That was quickly and clearly proven wrong. And there was no country hit harder than Russia …
When the global demand for oil and natural gas collapsed, so did prices and the Russian stock market.
First there was the collapse in global demand for oil and other commodities, followed by the collapse in prices. This sent Russia’s economy, heavily dependent on oil and gas exports, into a tailspin. The country’s stock market tumbled. In fact, after climbing 6600 percent between 1998 and 2008, Russian stocks fell 80 percent in just eight months last year — one of the steepest and deepest stock market declines in the world!
And as money was fleeing the Russian stock market, it was fleeing their currency, too. The ruble came under attack losing 58 percent of its value. The freefall stopped only after the Russian central bank stepped in to defend the ruble’s value by burning through more than 1/3 of its currency reserves buying rubles and selling more than $200 billion worth of dollars. The outlook for Russia was looking very bleak.
And it wasn’t just Russia that was exposed … it was the entire BRIC contingent! From peak to trough Chinese stocks lost 73 percent, Indian stocks lost 64 percent and Brazilian stocks lost 60 percent.
What a Difference
Three Months Make …
With the total collapse of the global financial system seemingly averted, the global risk appetite has now improved. And the perception of recovery is breathing life back into commodities, global asset values and emerging market investments.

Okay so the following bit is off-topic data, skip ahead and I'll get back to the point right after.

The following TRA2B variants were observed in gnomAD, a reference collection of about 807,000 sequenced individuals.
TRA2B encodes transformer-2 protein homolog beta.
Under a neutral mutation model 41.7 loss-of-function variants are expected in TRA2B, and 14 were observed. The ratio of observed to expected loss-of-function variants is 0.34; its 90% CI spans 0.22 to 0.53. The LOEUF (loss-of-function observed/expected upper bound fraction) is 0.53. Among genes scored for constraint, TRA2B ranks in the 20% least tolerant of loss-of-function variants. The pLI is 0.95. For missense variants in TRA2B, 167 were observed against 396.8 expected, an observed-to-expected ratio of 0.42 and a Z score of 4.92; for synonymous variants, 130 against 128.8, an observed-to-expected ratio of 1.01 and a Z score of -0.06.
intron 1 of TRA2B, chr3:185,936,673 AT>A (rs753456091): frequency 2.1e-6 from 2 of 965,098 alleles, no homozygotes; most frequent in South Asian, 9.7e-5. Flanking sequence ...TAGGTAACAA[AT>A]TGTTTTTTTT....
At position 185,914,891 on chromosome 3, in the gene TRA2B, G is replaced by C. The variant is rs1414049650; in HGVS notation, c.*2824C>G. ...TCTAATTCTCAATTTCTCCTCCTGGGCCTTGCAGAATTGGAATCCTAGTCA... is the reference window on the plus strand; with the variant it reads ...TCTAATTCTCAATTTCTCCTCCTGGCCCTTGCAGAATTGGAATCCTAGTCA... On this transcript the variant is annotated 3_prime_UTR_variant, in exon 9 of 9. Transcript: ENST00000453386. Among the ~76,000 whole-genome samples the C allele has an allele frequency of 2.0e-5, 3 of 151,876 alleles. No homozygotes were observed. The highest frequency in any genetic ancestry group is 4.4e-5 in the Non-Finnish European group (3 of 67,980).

This week the BRIC countries gathered. And on the premise of diversifying their exposure to the dollar, they proposed buying each other’s local–currency denominated bonds.
So instead of buying U.S. Treasuries, they think a safer bet would be a healthy mix, including the likes of Russian debt?
Boy, that sounds like a bad idea to me!
After all, Russia is just 11 years removed from defaulting on $40 billion in government debt.
In the face of the worst economic crisis since the Great Depression and unprecedented U.S. policy actions, the U.S. dollar is still up 14 percent, against a trade-weighted basket of major currencies, from its all-time lows last year. On top of that, as you can see in the chart below, the dollar remains in an uptrend …
Meanwhile, currencies in the BRIC region have been decimated, with the exception of China — which has manipulated its currency in a virtual flat-line against the dollar since the crisis commenced.
Today, even after some recovery, the Russian ruble remains down 35 percent, the Brazilian real is down 27 percent and the Indian rupee is down 23 percent versus the dollar.
But most importantly, from peak to trough these currencies lost 58 percent, 69 percent and 33 percent respectively against the dollar at the height of the crisis. Take a look at my second chart below, and you’ll realize how drastic this fall was.
This underscores the vulnerability of these less developed, less dynamic economies and emphasizes the fragile nature of their financial markets and currencies.
Despite all of the tough talk, the dollar is holding firm and central bank reserves continue to build dollar exposure at an increasing rate. So beware of the scare headlines — the dollar’s demise is greatly exaggerated.